Tuesday, 22 July 2008

less, fewer

There's been some talk recently over the correctness of less with count nouns. Well, this talk has been going on for about 300 years, but recently some editing blogs are discussing it.

What the AHD calls the "traditional rule" is often stated as: "use fewer with things that can be counted and less with things that cannot be counted." Let's call this Rule A.

Rule A is neither helpful nor traditional. It's not helpful because following it produces things like 10 items or fewer, 25 dollars or fewer, one fewer member, fewer than 15 minutes, which sound downright weird. The rule often has an addendum saying it's ok to use less with time or money, as in less than 15 minutes or less than five dollars, because these are not viewed as countable. For instance, "we say less than six weeks, not fewer than six weeks, because we are not referring to six individual weeks, but to a single period of time lasting six weeks." (Also here.) But this isn't helpful because surely an amount of any kind of thing can be viewed as a single entity. With 10 items or less, can't we say that we're not referring to 10 individual items, but to a single cart of groceries?

Rule A is not traditional either, because it is not as old as Rule B, the rule that English writers have been following for 1000 years: "use fewer with count nouns, and use less with count and noncount nouns, especially, but not only, with nouns of time, money and distance, and in the constructions less than, or less and one less." (Not a perfect rule, but better.)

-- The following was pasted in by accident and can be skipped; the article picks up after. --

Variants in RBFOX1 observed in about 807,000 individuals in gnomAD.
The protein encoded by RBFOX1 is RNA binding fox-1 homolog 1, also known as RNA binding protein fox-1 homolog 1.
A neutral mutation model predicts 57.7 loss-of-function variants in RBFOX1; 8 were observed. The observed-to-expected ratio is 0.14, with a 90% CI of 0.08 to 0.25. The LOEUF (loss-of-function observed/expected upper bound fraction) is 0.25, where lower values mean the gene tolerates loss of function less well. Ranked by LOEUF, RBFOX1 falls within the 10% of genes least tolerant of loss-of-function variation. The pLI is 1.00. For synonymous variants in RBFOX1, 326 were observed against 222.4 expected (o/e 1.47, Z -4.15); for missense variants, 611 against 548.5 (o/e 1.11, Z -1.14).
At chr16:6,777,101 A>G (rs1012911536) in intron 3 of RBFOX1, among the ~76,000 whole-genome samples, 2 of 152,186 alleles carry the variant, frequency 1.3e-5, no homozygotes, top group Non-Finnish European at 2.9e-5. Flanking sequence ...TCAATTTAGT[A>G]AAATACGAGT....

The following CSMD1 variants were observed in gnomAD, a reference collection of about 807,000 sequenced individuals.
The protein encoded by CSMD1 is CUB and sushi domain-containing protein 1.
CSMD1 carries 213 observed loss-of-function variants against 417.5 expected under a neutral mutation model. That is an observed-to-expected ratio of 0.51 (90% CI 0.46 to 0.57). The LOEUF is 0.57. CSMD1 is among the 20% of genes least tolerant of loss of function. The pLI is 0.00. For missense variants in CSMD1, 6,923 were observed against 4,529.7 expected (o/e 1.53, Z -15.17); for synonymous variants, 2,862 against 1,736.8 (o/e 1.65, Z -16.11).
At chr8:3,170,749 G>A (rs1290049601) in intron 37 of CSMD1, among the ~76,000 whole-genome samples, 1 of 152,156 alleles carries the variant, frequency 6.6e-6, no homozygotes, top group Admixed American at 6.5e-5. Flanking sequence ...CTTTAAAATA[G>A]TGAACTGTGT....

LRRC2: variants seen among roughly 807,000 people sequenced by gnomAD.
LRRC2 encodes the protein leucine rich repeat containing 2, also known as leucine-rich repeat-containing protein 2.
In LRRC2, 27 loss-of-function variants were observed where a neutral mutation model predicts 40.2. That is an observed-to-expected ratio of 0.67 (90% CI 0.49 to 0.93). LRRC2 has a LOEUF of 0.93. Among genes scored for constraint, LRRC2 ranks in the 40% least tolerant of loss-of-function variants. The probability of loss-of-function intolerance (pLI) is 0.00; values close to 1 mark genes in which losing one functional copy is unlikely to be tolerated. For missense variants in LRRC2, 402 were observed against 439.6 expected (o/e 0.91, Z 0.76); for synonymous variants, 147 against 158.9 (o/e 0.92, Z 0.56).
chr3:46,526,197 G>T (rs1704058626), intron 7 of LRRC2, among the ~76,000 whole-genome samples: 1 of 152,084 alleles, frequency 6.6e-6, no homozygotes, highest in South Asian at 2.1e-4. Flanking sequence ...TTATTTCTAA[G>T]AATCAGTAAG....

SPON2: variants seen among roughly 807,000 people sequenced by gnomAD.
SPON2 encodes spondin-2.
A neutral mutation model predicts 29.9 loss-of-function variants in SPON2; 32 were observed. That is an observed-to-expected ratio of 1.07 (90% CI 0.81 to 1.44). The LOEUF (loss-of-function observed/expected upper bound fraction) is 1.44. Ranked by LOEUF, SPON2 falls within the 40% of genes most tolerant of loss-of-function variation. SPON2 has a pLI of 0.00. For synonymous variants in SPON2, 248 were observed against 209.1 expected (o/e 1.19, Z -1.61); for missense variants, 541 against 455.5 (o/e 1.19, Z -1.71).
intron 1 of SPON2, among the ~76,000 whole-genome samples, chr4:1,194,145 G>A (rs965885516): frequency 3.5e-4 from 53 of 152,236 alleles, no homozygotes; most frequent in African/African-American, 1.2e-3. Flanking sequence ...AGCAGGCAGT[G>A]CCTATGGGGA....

Here's an early example:

c888 King Ælfred, Boethius de consolatione philosophiæ. xxxv. §5
Foꞃþæm ðu ne ðeaꞃft nauht ꞅƿiþe ƿunꝺꞃiᵹan ðeah ƿe ꞅpiꞃian æfꞇer ðam þe ƿe onᵹunnon. ꞅƿa miꝺ læꞅ ƿoꞃda. ꞅƿa miꝺ ma. ꞅƿæþeꞃ ƿe hit ᵹeꞃeccan maᵹon. 
(Forþæm ðu ne ðearft nauht swiþe wundrigan ðeah we spirian æfter ðam þe we ongunnon. swā mid læs worda. swā mid ma. swæþer we hit gereccan magon.)
"Therefore thou needest not greatly wonder, when we are inquiring concerning what we have begun, whether we may prove it with less words or with more."

læs worda is a partitive genitive, literally "less of words". Altho English lost this construction, it retained the use of less with count nouns:

(a1393) John Gower, Confessio Amantis 7.3666: If it so is That I thin help schal undertake, Thou schalt yit lasse poeple take.

It turns in less than two nights? - Shakespeare, Timon of Athens, Act III, scene i

...Goldsmith took less pains than Pope... to create images of luxury in the reader's mind - John Butt, English Literature in the Mid-Eighteenth Century, 1979

(More examples can be found in the MWDEU entry)

Rule A was first expressed by Baker in 1770 as his personal preference - "No Fewer than a Hundred appears to me not only more elegant than No less than a Hundred, but strictly proper" - but with the passage of time has been turned into a rule. But in fact it seems that English writers follow and have always followed Rule B (see some data here).

The notion that less with count nouns is becoming more common might be the Recency Illusion: if you've noticed something only recently, you believe that it in fact originated recently. less with count nouns is certainly not a recent usage.

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